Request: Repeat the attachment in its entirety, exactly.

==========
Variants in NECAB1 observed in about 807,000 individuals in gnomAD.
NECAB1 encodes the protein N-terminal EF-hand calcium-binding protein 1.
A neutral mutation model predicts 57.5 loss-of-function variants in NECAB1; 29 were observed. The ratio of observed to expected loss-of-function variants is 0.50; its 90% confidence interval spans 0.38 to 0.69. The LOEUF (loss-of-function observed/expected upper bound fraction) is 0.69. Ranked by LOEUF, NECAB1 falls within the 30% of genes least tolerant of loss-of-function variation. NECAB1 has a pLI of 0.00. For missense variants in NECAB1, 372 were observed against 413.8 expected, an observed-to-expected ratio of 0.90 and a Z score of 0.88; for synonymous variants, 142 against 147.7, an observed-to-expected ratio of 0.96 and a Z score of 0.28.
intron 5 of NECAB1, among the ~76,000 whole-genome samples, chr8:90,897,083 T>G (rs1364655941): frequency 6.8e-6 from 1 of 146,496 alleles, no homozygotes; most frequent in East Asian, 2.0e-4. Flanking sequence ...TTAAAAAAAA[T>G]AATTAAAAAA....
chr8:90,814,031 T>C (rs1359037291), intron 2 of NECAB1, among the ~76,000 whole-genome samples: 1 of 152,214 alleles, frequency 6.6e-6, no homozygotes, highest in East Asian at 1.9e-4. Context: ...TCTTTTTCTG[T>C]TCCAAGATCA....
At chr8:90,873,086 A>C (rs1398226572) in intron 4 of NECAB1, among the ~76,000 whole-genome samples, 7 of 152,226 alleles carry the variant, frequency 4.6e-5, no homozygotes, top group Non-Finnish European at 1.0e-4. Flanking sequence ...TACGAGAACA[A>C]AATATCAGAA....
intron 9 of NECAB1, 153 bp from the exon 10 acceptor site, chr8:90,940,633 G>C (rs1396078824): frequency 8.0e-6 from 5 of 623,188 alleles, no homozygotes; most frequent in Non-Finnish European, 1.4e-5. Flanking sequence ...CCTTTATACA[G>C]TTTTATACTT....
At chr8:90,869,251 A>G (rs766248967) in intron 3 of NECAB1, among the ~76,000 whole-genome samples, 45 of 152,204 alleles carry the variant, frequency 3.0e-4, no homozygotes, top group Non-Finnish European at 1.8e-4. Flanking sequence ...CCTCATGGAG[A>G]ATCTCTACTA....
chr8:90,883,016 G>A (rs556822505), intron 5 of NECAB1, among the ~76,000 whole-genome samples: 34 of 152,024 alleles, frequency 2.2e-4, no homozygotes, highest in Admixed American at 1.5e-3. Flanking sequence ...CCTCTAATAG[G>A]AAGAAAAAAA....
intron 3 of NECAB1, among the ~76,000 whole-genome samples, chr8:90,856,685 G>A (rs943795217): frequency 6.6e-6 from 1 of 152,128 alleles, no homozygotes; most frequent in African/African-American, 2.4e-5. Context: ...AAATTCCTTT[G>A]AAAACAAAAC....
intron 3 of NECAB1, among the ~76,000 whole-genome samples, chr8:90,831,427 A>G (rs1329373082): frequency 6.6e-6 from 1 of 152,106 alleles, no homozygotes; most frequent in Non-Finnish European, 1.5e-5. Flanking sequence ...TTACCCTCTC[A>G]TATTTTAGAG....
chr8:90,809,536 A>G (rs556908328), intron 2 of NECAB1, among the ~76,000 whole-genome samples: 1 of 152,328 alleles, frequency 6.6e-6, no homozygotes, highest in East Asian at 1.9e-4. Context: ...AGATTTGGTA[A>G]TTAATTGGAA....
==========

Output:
Variants in NECAB1 observed in about 807,000 individuals in gnomAD.
NECAB1 encodes the protein N-terminal EF-hand calcium-binding protein 1.
A neutral mutation model predicts 57.5 loss-of-function variants in NECAB1; 29 were observed. The ratio of observed to expected loss-of-function variants is 0.50; its 90% confidence interval spans 0.38 to 0.69. The LOEUF (loss-of-function observed/expected upper bound fraction) is 0.69. Ranked by LOEUF, NECAB1 falls within the 30% of genes least tolerant of loss-of-function variation. NECAB1 has a pLI of 0.00. For missense variants in NECAB1, 372 were observed against 413.8 expected, an observed-to-expected ratio of 0.90 and a Z score of 0.88; for synonymous variants, 142 against 147.7, an observed-to-expected ratio of 0.96 and a Z score of 0.28.
intron 5 of NECAB1, among the ~76,000 whole-genome samples, chr8:90,897,083 T>G (rs1364655941): frequency 6.8e-6 from 1 of 146,496 alleles, no homozygotes; most frequent in East Asian, 2.0e-4. Flanking sequence ...TTAAAAAAAA[T>G]AATTAAAAAA....
chr8:90,814,031 T>C (rs1359037291), intron 2 of NECAB1, among the ~76,000 whole-genome samples: 1 of 152,214 alleles, frequency 6.6e-6, no homozygotes, highest in East Asian at 1.9e-4. Context: ...TCTTTTTCTG[T>C]TCCAAGATCA....
At chr8:90,873,086 A>C (rs1398226572) in intron 4 of NECAB1, among the ~76,000 whole-genome samples, 7 of 152,226 alleles carry the variant, frequency 4.6e-5, no homozygotes, top group Non-Finnish European at 1.0e-4. Flanking sequence ...TACGAGAACA[A>C]AATATCAGAA....
intron 9 of NECAB1, 153 bp from the exon 10 acceptor site, chr8:90,940,633 G>C (rs1396078824): frequency 8.0e-6 from 5 of 623,188 alleles, no homozygotes; most frequent in Non-Finnish European, 1.4e-5. Flanking sequence ...CCTTTATACA[G>C]TTTTATACTT....
At chr8:90,869,251 A>G (rs766248967) in intron 3 of NECAB1, among the ~76,000 whole-genome samples, 45 of 152,204 alleles carry the variant, frequency 3.0e-4, no homozygotes, top group Non-Finnish European at 1.8e-4. Flanking sequence ...CCTCATGGAG[A>G]ATCTCTACTA....
chr8:90,883,016 G>A (rs556822505), intron 5 of NECAB1, among the ~76,000 whole-genome samples: 34 of 152,024 alleles, frequency 2.2e-4, no homozygotes, highest in Admixed American at 1.5e-3. Flanking sequence ...CCTCTAATAG[G>A]AAGAAAAAAA....
intron 3 of NECAB1, among the ~76,000 whole-genome samples, chr8:90,856,685 G>A (rs943795217): frequency 6.6e-6 from 1 of 152,128 alleles, no homozygotes; most frequent in African/African-American, 2.4e-5. Context: ...AAATTCCTTT[G>A]AAAACAAAAC....
intron 3 of NECAB1, among the ~76,000 whole-genome samples, chr8:90,831,427 A>G (rs1329373082): frequency 6.6e-6 from 1 of 152,106 alleles, no homozygotes; most frequent in Non-Finnish European, 1.5e-5. Flanking sequence ...TTACCCTCTC[A>G]TATTTTAGAG....
chr8:90,809,536 A>G (rs556908328), intron 2 of NECAB1, among the ~76,000 whole-genome samples: 1 of 152,328 alleles, frequency 6.6e-6, no homozygotes, highest in East Asian at 1.9e-4. Context: ...AGATTTGGTA[A>G]TTAATTGGAA....